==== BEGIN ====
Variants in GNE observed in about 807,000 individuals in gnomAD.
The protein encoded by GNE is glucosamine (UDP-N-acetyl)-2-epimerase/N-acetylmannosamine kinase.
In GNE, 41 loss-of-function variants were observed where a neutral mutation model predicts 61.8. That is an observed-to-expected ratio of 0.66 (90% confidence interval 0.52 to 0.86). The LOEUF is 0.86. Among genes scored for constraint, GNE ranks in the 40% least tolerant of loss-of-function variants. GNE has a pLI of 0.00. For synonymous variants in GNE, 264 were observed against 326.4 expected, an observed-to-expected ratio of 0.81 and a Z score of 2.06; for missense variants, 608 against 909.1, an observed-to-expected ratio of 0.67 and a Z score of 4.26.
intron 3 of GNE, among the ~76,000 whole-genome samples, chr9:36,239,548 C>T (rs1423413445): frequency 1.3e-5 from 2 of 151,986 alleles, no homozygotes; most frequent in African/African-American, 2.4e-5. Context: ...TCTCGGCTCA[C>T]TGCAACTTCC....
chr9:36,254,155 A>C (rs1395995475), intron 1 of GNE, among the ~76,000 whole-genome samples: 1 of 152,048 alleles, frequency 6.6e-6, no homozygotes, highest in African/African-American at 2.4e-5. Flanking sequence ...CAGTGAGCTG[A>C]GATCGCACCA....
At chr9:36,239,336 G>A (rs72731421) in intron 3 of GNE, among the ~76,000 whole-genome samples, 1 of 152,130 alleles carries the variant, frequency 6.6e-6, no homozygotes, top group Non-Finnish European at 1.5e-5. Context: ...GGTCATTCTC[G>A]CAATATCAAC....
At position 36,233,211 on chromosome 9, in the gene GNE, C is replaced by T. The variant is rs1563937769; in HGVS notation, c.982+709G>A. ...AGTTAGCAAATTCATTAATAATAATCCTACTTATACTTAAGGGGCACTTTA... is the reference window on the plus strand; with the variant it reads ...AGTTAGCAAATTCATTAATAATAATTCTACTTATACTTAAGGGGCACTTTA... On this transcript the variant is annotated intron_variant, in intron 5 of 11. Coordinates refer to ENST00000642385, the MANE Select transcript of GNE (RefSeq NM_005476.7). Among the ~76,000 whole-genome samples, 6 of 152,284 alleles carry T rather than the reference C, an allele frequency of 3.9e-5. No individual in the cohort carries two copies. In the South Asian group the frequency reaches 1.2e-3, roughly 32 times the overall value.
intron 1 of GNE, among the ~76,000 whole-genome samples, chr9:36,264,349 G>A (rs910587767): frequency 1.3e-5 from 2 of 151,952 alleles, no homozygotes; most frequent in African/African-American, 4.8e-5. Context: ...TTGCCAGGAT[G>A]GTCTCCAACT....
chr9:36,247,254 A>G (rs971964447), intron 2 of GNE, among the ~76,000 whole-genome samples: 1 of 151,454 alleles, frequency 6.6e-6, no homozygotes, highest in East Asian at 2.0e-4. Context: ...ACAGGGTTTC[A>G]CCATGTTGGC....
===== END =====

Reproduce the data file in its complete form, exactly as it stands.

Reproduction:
Variants in GNE observed in about 807,000 individuals in gnomAD.
The protein encoded by GNE is glucosamine (UDP-N-acetyl)-2-epimerase/N-acetylmannosamine kinase.
In GNE, 41 loss-of-function variants were observed where a neutral mutation model predicts 61.8. That is an observed-to-expected ratio of 0.66 (90% confidence interval 0.52 to 0.86). The LOEUF is 0.86. Among genes scored for constraint, GNE ranks in the 40% least tolerant of loss-of-function variants. GNE has a pLI of 0.00. For synonymous variants in GNE, 264 were observed against 326.4 expected, an observed-to-expected ratio of 0.81 and a Z score of 2.06; for missense variants, 608 against 909.1, an observed-to-expected ratio of 0.67 and a Z score of 4.26.
intron 3 of GNE, among the ~76,000 whole-genome samples, chr9:36,239,548 C>T (rs1423413445): frequency 1.3e-5 from 2 of 151,986 alleles, no homozygotes; most frequent in African/African-American, 2.4e-5. Context: ...TCTCGGCTCA[C>T]TGCAACTTCC....
chr9:36,254,155 A>C (rs1395995475), intron 1 of GNE, among the ~76,000 whole-genome samples: 1 of 152,048 alleles, frequency 6.6e-6, no homozygotes, highest in African/African-American at 2.4e-5. Flanking sequence ...CAGTGAGCTG[A>C]GATCGCACCA....
At chr9:36,239,336 G>A (rs72731421) in intron 3 of GNE, among the ~76,000 whole-genome samples, 1 of 152,130 alleles carries the variant, frequency 6.6e-6, no homozygotes, top group Non-Finnish European at 1.5e-5. Context: ...GGTCATTCTC[G>A]CAATATCAAC....
At position 36,233,211 on chromosome 9, in the gene GNE, C is replaced by T. The variant is rs1563937769; in HGVS notation, c.982+709G>A. ...AGTTAGCAAATTCATTAATAATAATCCTACTTATACTTAAGGGGCACTTTA... is the reference window on the plus strand; with the variant it reads ...AGTTAGCAAATTCATTAATAATAATTCTACTTATACTTAAGGGGCACTTTA... On this transcript the variant is annotated intron_variant, in intron 5 of 11. Coordinates refer to ENST00000642385, the MANE Select transcript of GNE (RefSeq NM_005476.7). Among the ~76,000 whole-genome samples, 6 of 152,284 alleles carry T rather than the reference C, an allele frequency of 3.9e-5. No individual in the cohort carries two copies. In the South Asian group the frequency reaches 1.2e-3, roughly 32 times the overall value.
intron 1 of GNE, among the ~76,000 whole-genome samples, chr9:36,264,349 G>A (rs910587767): frequency 1.3e-5 from 2 of 151,952 alleles, no homozygotes; most frequent in African/African-American, 4.8e-5. Context: ...TTGCCAGGAT[G>A]GTCTCCAACT....
chr9:36,247,254 A>G (rs971964447), intron 2 of GNE, among the ~76,000 whole-genome samples: 1 of 151,454 alleles, frequency 6.6e-6, no homozygotes, highest in East Asian at 2.0e-4. Context: ...ACAGGGTTTC[A>G]CCATGTTGGC....